Tackling Stigma This Mental Health Awareness Week
Posted by See Me, 18 May 2020
The theme for this year’s Mental Health Awareness Week is kindness, something which is vital in helping to tackle mental health stigma and discrimination.
Research we released when we brought out our journey of the social movement report revealed that 56% of people with a mental health condition in Scotland have experienced stigma in discrimination, with it most like to come from those closest to them, family, friends and colleagues.
One of the impacts of that stigma and discrimination is that one in three of people with experience of mental heath conditions don’t feel comfortable speaking about it.
Right now we’re living through a time where more people than ever before will be struggling with their mental health.
People with pre existing mental heath conditions will still be struggling, maybe worse than before. People who have never struggled with their mental health before will be struggling now. No matter the reason, everyone’s mental health needs to be taken seriously.
So what can we do? What can we do for the first time this Mental Health Awareness Week, or what can we carry on doing that we have done many times before?
Some things can be simple. If someone you know is struggling with their mental health, a call, a video chat or a message asking them if they are okay and showing you care can make all the difference.
For someone struggling with their mental health, experiencing stigma and discrimination can make it so much worse, but a simple act of kindness, like reaching out and asking how can you help, could help someone in their recovery.
If you’re going through a tough time, don’t struggle alone with your mental health, be kind to yourself, find someone you trust and speak about how you’re feeling. You deserve help and support.
We also asked our volunteers what if they felt that their mental health had been taken seriously during lockdown, and what acts of kindness had helped them when they’re struggling with their mental health or experiencing stigma and discrimination. Here is what they said.
“During covid-19 I don’t think people’s mental health has been taken as seriously as it was before. I think we’ve been too focused on the practicalities of lockdown rather than the day to day impact that it’s having on people. I really hope that more is done to make sure that young people’s mental health is protected.” – Chloe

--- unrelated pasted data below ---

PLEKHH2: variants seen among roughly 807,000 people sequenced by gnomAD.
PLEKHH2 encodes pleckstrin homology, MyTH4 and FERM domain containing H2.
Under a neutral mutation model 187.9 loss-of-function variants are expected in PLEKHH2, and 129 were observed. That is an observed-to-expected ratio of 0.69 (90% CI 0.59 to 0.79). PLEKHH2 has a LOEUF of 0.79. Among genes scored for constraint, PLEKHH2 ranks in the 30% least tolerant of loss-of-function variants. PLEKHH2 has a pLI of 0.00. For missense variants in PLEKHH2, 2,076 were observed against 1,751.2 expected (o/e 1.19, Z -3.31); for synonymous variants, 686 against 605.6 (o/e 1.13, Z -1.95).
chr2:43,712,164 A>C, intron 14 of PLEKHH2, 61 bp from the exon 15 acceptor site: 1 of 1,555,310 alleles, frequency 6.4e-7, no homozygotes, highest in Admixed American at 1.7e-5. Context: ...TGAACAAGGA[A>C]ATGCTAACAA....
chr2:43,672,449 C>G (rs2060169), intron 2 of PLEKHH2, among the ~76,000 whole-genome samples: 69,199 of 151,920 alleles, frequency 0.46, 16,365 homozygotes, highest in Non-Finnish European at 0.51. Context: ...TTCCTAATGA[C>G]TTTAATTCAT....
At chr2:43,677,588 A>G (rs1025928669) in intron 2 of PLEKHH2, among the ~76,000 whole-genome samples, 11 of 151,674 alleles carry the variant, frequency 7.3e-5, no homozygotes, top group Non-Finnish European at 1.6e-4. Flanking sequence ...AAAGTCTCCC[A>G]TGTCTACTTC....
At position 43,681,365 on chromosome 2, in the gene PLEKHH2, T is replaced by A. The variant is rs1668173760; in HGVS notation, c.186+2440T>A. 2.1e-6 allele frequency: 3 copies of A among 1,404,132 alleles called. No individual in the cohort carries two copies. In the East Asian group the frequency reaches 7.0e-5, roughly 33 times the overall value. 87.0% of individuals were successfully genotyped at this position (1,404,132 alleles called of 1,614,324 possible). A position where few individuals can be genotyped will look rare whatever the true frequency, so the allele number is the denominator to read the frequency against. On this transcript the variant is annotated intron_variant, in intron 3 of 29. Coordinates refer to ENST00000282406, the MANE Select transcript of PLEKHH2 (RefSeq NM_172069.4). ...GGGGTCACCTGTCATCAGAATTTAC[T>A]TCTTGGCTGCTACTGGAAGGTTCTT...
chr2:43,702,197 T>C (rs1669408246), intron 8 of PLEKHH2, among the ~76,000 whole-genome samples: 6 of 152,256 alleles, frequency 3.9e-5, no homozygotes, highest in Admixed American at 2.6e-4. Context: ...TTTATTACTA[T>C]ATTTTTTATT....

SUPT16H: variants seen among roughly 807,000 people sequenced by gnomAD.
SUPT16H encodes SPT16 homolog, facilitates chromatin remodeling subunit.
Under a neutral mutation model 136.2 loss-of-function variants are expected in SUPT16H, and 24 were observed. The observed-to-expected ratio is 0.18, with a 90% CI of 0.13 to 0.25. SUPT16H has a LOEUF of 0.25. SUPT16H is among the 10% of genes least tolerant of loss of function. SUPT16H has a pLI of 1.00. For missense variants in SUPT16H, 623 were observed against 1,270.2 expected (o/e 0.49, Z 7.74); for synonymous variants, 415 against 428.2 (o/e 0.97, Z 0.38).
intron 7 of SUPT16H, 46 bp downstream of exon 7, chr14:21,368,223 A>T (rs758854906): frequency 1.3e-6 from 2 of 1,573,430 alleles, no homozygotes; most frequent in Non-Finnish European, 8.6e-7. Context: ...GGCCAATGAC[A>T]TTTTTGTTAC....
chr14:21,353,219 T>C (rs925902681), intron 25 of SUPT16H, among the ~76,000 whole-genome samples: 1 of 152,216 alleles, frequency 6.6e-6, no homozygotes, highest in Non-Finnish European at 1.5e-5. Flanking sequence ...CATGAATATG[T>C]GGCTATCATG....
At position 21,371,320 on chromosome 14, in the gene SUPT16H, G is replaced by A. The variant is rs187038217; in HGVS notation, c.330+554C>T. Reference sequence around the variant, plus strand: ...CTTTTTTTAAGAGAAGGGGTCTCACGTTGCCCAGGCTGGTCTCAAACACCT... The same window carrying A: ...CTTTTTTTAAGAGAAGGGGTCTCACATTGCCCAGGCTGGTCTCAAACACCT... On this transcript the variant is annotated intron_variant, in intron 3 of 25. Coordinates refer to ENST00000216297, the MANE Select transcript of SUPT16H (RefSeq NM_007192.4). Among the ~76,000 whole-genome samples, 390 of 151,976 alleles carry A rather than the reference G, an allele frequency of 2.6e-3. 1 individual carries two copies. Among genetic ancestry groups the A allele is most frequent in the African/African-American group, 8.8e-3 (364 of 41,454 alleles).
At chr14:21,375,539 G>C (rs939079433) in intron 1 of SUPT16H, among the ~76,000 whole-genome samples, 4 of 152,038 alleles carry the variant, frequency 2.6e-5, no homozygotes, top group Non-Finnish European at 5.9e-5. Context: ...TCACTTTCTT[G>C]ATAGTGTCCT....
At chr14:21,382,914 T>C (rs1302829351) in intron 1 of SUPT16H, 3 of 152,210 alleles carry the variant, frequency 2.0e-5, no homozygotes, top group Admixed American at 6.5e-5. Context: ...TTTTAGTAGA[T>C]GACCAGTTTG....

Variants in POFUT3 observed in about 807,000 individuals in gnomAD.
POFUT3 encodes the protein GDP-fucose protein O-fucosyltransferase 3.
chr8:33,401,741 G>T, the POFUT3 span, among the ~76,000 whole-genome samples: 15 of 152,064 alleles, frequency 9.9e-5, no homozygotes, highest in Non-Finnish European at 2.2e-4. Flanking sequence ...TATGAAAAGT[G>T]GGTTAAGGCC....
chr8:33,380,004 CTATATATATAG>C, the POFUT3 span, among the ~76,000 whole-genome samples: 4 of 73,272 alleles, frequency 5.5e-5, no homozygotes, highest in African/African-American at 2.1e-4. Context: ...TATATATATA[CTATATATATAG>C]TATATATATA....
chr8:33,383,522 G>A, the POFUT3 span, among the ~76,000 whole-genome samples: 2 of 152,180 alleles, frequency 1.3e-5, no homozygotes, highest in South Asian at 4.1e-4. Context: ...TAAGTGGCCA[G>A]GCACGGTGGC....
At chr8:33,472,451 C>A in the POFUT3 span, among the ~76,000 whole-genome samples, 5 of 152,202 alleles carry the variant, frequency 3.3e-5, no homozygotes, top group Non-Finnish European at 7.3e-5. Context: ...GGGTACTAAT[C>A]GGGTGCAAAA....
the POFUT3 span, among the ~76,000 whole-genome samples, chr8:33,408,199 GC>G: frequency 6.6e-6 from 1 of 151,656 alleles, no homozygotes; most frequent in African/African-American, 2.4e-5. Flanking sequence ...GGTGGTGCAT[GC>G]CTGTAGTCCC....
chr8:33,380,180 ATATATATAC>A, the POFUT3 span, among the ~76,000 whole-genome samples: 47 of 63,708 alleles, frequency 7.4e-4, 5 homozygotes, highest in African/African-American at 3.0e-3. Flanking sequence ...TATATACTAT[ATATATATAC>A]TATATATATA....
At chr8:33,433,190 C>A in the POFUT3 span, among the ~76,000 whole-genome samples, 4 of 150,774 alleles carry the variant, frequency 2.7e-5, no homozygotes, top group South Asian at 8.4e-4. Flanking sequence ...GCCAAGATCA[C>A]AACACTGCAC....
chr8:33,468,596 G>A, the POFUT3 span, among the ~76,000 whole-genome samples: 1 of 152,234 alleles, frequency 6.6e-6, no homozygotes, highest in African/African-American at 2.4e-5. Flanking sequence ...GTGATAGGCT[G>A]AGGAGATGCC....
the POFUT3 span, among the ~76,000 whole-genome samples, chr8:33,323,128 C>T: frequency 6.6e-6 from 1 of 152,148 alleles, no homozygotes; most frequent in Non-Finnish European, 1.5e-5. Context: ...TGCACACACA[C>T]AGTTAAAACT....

“To me covid-19 has affected me dramatically, I’m not able to dot he things I normally do. My classes and groups have had to shut which has had an effect on my mood and how I feel. The fact that my support isn’t there is also difficult. ” – Denise
“Mental health at the moment is being seen in a more positive light, because people are talking about it more. Sadly there are more people having to cope with these feelings, but we are talking about it more. The more we talk about it, the less stigma there is around our mental health, and that’s a good thing.
“Social media is putting a lot of pressure on us at the moment. But we’ve got to do what’s right for us, even if it’s just getting up to have a shower. It’s okay to feel like that.”- Susan
“What really helped me when I was facing discrimination was the random acts of kindness from people that would treat me as a person, rather than my mental illness. One of the most powerful things you can do is be there for somebody, and have somebody to talk to.” - Tommy
My usual fortnightly appointments with Community Mental Health Team were cancelled when lockdown started. I was told if I needed support then just to ring the crisis team. It had quite a big impact on me, I felt quite anxious and unsettled knowing that the support had been withdrawn and the therapy we'd been working through wasn't going to happen for an unknown period of time. However, last week they got in touch to say we could resume the appointments over video call, had the first one on Friday last week.
I kind of feel like a lot of the messages coming out are aimed at the general public and their mental health, which is obviously a great thing because everyone is struggling. But when I was really struggling a couple of weeks ago I kind of felt like there wasn't much in the way of advice for people whose existing mental illnesses were worsening. For example my OCD has been much more difficult to deal with lately and anxiety in general. Usually I'd get that kind of advice and support from Community Mental Health Team but it had been withdrawn.
Kindness can help when you’re struggling, like the support of family and friends. Whenever I've experienced stigma and discrimination I've talked about it (when I've felt ready to) and those I choose to speak to always show kindness in recognising how I'd been finding things hard and listening without judgement to how I was feeling. - Gemma
I really believe in being kind to others and to yourself. We are our harshest critics and being kind to ourselves is a huge part of being mentally healthy I think. The voices that tell you so many negative things about yourself really make a huge impact on your recovery and how you live your life daily, so it is important to be gentle and kind on yourself. - Tina